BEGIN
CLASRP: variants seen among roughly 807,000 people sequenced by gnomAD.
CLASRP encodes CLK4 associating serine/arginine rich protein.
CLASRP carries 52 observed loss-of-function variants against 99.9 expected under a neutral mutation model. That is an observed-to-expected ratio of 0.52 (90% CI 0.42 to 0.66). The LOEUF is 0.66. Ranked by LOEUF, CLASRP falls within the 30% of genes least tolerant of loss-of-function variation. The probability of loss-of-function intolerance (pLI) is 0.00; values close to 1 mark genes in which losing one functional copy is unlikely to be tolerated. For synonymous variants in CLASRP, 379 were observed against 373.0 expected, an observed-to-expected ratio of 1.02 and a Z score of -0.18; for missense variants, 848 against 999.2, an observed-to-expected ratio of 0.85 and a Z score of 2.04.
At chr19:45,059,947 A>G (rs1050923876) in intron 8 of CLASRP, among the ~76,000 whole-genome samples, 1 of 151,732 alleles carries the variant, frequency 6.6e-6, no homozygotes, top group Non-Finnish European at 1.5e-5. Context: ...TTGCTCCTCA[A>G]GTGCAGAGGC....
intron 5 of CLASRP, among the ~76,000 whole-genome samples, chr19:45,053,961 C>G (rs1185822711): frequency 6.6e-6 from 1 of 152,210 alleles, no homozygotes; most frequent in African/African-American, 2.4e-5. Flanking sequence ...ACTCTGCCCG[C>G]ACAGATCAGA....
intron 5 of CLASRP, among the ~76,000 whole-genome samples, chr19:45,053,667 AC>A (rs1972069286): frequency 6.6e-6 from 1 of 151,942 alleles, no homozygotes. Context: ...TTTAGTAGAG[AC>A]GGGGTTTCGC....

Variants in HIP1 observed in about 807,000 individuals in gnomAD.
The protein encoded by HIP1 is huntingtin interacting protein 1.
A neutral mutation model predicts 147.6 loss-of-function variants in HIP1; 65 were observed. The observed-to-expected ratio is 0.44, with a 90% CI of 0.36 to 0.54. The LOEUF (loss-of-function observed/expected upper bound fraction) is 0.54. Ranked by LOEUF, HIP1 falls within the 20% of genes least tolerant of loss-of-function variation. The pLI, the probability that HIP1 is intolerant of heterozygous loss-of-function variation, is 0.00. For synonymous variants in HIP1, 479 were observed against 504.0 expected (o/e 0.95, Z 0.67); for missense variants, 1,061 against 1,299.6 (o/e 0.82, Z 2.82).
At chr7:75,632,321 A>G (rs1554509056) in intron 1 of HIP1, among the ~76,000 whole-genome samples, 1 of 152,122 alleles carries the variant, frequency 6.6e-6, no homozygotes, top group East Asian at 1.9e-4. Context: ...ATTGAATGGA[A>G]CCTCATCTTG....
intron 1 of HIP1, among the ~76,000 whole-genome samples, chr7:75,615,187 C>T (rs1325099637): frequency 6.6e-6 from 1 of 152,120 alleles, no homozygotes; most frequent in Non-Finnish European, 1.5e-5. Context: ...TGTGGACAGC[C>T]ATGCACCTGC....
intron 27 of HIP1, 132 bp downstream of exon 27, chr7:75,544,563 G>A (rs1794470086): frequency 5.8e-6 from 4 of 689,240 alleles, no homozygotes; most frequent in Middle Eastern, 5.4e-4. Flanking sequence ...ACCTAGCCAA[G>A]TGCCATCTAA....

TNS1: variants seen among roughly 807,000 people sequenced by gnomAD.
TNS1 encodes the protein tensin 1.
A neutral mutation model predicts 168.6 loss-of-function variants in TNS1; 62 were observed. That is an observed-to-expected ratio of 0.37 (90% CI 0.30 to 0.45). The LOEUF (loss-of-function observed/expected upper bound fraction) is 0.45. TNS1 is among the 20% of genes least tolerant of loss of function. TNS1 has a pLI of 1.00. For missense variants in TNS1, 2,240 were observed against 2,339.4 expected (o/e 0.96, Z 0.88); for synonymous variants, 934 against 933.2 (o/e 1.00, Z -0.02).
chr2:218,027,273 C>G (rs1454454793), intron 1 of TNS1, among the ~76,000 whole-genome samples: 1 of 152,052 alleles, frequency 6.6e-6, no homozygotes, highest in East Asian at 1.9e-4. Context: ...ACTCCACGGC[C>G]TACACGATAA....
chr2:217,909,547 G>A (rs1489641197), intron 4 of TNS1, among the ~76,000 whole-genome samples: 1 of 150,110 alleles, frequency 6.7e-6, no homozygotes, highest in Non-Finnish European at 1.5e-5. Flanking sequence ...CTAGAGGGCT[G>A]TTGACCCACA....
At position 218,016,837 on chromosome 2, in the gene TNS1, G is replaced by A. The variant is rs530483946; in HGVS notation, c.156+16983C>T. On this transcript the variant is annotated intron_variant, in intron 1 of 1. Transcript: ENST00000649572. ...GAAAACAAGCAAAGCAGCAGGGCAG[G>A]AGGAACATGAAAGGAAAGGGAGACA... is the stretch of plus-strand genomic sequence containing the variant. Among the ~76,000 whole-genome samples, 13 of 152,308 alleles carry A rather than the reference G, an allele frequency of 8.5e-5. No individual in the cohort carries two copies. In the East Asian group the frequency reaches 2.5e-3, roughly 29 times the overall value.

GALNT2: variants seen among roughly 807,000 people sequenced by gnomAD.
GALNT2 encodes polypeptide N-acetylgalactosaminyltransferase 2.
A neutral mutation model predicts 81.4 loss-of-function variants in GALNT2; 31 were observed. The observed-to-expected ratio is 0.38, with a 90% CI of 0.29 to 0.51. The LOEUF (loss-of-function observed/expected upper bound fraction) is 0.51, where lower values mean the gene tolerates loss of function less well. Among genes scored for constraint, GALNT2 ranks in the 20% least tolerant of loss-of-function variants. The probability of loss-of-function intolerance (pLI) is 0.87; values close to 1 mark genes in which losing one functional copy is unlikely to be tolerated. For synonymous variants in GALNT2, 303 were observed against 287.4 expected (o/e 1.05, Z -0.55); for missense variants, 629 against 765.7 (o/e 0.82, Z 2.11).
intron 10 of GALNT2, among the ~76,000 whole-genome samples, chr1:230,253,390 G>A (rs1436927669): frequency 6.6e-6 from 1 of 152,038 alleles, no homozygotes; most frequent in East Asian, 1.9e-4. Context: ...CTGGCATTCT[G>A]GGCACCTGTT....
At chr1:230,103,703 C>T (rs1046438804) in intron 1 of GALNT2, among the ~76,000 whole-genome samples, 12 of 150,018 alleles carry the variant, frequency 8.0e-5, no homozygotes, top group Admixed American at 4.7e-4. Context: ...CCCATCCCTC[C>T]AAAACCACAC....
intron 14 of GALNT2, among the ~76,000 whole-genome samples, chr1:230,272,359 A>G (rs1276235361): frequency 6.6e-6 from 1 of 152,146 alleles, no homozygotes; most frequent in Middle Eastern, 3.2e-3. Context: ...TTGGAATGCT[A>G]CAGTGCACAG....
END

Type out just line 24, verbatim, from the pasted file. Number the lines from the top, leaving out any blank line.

intron 14 of GALNT2, among the ~76,000 whole-genome samples, chr1:230,272,359 A>G (rs1276235361): frequency 6.6e-6 from 1 of 152,146 alleles, no homozygotes; most frequent in Middle Eastern, 3.2e-3. Context: ...TTGGAATGCT[A>G]CAGTGCACAG....